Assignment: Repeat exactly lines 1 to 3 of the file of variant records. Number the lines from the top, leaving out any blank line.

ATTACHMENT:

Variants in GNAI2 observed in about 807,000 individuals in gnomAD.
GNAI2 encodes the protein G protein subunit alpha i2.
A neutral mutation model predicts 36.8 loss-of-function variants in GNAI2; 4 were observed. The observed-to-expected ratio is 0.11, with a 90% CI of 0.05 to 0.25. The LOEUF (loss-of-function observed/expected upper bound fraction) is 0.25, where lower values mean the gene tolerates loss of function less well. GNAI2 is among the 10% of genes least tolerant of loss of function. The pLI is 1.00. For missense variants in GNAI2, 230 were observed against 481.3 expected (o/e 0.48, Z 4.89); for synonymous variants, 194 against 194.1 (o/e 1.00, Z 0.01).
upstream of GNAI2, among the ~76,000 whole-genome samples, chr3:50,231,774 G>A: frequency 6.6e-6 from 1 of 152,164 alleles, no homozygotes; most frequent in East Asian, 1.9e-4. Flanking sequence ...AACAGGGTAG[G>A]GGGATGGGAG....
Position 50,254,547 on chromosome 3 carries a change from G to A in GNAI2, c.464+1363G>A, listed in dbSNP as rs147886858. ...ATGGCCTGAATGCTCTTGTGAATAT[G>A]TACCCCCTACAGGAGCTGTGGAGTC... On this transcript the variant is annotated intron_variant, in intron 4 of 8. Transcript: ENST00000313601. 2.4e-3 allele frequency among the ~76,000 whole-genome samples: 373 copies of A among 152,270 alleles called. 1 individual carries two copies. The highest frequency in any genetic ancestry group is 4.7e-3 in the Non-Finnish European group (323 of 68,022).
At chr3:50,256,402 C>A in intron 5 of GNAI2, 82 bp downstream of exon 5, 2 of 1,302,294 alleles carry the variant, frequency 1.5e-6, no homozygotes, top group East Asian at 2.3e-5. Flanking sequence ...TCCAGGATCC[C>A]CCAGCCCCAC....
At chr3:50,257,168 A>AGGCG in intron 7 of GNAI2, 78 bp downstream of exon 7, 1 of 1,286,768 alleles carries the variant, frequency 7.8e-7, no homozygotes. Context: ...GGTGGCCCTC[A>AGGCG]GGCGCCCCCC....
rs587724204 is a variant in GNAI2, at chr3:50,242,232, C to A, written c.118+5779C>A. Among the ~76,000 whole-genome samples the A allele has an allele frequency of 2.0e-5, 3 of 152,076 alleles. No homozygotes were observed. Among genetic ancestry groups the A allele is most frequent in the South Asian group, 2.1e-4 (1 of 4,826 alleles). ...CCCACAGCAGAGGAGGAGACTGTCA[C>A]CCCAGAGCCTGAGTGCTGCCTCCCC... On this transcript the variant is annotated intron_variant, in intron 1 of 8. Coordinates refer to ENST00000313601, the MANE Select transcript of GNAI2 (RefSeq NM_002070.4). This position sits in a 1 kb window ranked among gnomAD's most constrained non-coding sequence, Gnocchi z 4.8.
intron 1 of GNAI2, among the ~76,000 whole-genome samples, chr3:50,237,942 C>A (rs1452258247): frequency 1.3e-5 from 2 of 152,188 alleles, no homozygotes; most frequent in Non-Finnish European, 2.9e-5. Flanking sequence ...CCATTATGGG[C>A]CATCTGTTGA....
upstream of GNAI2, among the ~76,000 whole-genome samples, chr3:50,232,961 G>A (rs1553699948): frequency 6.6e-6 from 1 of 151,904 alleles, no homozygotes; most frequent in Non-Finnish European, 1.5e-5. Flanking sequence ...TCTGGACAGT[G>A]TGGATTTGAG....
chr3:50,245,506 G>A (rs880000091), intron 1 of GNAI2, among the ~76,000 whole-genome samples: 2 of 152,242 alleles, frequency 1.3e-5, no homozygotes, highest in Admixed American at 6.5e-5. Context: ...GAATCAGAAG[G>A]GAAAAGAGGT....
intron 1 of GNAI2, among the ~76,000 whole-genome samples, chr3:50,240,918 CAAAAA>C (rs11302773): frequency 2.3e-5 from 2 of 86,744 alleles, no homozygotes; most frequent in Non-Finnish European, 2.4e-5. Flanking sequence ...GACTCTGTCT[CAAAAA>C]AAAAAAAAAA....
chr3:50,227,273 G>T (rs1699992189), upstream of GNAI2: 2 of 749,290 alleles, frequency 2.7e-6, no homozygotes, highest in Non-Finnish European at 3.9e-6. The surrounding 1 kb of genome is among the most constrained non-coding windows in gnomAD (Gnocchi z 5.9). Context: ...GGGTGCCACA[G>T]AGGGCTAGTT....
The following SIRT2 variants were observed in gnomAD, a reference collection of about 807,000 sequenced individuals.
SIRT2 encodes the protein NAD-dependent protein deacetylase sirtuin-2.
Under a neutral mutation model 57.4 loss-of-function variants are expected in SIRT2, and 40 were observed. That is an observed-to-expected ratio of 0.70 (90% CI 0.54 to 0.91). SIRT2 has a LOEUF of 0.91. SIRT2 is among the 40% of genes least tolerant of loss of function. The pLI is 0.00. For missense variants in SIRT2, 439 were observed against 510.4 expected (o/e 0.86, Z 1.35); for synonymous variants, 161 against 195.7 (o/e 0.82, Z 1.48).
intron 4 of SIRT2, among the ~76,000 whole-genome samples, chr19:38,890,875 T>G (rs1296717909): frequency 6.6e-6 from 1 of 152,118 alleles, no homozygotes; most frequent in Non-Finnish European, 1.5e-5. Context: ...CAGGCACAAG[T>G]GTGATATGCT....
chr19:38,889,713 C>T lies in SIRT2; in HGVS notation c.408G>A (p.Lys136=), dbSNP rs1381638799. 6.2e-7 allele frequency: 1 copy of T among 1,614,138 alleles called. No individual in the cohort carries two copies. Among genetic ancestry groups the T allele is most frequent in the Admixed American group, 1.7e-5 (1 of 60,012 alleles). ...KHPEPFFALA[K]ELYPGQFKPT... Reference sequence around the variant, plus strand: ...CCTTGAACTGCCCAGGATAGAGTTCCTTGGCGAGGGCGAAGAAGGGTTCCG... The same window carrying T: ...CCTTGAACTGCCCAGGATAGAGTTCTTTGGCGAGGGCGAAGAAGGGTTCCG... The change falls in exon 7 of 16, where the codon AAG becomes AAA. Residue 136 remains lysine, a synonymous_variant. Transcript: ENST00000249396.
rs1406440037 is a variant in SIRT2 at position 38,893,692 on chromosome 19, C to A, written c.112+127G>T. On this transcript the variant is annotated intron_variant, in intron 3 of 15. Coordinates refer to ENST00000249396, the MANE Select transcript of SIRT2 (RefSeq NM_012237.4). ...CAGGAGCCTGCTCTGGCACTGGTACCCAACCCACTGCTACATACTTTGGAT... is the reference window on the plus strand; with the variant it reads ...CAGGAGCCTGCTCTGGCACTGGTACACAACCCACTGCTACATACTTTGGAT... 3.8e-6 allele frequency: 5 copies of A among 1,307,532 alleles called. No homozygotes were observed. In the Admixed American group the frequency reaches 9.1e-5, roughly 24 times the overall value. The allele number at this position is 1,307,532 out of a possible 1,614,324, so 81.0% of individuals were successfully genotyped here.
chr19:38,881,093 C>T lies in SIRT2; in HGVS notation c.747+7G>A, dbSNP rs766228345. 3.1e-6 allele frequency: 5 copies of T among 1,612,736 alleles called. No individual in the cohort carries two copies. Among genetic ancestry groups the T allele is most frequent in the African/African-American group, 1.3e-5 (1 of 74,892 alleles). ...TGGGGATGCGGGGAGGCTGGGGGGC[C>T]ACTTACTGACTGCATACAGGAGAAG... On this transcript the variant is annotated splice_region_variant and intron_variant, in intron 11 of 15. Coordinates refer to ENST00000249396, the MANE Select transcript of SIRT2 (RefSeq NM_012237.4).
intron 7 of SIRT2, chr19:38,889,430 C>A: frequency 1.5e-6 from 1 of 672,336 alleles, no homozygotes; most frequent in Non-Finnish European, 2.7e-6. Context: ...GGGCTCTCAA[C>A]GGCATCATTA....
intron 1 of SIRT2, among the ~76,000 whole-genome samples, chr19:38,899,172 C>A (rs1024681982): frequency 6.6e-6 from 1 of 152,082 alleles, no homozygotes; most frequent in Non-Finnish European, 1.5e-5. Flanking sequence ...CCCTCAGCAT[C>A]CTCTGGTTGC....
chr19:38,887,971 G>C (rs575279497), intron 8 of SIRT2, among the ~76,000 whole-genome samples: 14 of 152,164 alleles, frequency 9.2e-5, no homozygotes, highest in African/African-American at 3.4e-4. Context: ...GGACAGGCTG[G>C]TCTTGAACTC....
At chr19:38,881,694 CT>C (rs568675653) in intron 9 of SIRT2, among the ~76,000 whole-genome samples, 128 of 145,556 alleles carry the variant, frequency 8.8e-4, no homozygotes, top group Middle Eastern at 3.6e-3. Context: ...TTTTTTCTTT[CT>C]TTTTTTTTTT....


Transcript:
Variants in GNAI2 observed in about 807,000 individuals in gnomAD.
GNAI2 encodes the protein G protein subunit alpha i2.
A neutral mutation model predicts 36.8 loss-of-function variants in GNAI2; 4 were observed. The observed-to-expected ratio is 0.11, with a 90% CI of 0.05 to 0.25. The LOEUF (loss-of-function observed/expected upper bound fraction) is 0.25, where lower values mean the gene tolerates loss of function less well. GNAI2 is among the 10% of genes least tolerant of loss of function. The pLI is 1.00. For missense variants in GNAI2, 230 were observed against 481.3 expected (o/e 0.48, Z 4.89); for synonymous variants, 194 against 194.1 (o/e 1.00, Z 0.01).